Japan businesses seek single exchange for internet of things data

A hundred Japanese companies are working to launch an exchange for data collected through the “internet of things” as early as 2020, which could let companies better trade information that could inspire new products and services.

There are high hopes around the world for IoT, which connects appliances, cars and even factory equipment through the internet. Many are looking to use data collected from these devices to develop new products and services, as well as to power technology like self-driving cars.

More than 50 billion devices are expected to be connected to the internet in 2020. Japan accounts for roughly 40% of the global market for sensors, which is a central component of IoT technology. Japan hopes also to play a leading role in the market for data generated by interconnected devices. While American giants like Google dominate in providing data-based services to retail customers, no efforts have yet been made in Europe or the U.S. to create a larger market that connects multiple exchanges for IoT-related data.

There are various business opportunities associated with this type of data. Companies could develop medical services based on physical data collected through wearable devices, for example. Supermarkets could also streamline their inventory based on the contents of their customers’ refrigerators.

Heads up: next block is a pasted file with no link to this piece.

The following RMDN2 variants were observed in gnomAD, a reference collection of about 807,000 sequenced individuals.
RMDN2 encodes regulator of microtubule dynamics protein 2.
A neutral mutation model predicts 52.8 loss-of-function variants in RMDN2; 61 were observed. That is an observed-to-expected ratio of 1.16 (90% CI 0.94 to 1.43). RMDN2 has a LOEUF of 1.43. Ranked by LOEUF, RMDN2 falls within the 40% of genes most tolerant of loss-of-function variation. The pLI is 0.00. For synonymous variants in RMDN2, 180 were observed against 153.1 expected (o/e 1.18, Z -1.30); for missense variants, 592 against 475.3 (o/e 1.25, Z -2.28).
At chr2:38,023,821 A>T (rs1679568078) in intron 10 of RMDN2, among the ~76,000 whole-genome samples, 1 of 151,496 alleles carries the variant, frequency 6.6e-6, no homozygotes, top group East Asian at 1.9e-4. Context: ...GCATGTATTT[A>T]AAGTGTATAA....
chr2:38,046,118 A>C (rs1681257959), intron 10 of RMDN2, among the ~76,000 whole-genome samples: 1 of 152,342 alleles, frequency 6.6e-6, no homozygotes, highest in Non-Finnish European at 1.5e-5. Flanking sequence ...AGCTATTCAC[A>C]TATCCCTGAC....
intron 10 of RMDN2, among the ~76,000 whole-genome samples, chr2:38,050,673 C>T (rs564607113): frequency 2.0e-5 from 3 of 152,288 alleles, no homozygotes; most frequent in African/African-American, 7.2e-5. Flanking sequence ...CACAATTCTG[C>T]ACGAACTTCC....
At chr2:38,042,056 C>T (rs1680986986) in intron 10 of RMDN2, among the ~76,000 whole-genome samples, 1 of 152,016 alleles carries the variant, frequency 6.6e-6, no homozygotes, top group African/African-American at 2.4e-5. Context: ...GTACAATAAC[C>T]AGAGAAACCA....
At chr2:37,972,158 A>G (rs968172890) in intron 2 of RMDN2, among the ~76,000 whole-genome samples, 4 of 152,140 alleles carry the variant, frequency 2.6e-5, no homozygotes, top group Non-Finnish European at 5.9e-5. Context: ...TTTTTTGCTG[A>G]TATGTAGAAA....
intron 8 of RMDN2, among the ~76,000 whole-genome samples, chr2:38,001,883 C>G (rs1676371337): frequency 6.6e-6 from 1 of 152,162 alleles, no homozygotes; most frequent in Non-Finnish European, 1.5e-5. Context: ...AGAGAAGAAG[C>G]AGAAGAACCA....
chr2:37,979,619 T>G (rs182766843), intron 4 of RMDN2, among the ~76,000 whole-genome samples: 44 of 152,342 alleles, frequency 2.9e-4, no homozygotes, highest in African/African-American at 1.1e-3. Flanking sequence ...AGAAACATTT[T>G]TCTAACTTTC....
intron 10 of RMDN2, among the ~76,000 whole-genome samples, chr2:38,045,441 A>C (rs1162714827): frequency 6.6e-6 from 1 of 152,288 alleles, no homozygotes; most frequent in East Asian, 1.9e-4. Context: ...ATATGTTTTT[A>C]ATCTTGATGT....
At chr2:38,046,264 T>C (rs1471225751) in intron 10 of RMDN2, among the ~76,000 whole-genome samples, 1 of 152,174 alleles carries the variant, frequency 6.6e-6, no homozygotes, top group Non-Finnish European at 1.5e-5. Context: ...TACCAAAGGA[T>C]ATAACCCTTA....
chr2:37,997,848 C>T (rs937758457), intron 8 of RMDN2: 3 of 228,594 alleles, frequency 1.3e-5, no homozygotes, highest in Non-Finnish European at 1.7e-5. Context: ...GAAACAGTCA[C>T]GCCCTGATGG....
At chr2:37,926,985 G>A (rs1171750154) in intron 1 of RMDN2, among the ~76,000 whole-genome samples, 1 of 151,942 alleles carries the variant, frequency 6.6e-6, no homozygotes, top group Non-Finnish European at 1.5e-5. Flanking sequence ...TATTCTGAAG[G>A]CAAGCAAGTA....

Because no one company can effectively collect IoT-generated data on its own, more are looking to purchase additional information from the outside. This could lead to a flood of competing exchanges on the market, which some believe will make it more difficult for companies to find the data they need.

Omron, a Kyoto-based manufacturer of automation equipment, Japan Data Exchange and other companies will launch an exploratory committee this fall toward creating a single market for IoT data. Hitachi, Nippon Telegraph and Telephone, Tepco Power Grid and NS Solutions are considering taking part in the effort as well.

Businesses must first obtain permission from their customers before selling personal information, like e-money payment histories. But there are no clear rules for data collected through the IoT. The committee will discuss this and other issues that must be ironed out before companies can smoothly trade such data.

If businesses can start selling such information, they will have an easier time recouping the costs of installing sensors on public transportation and infrastructure. Many were hesitant to make those investments because they did not think they could make up for those costs on their own. Allowing the trade of data could encourage the greater spread of IoT technology.

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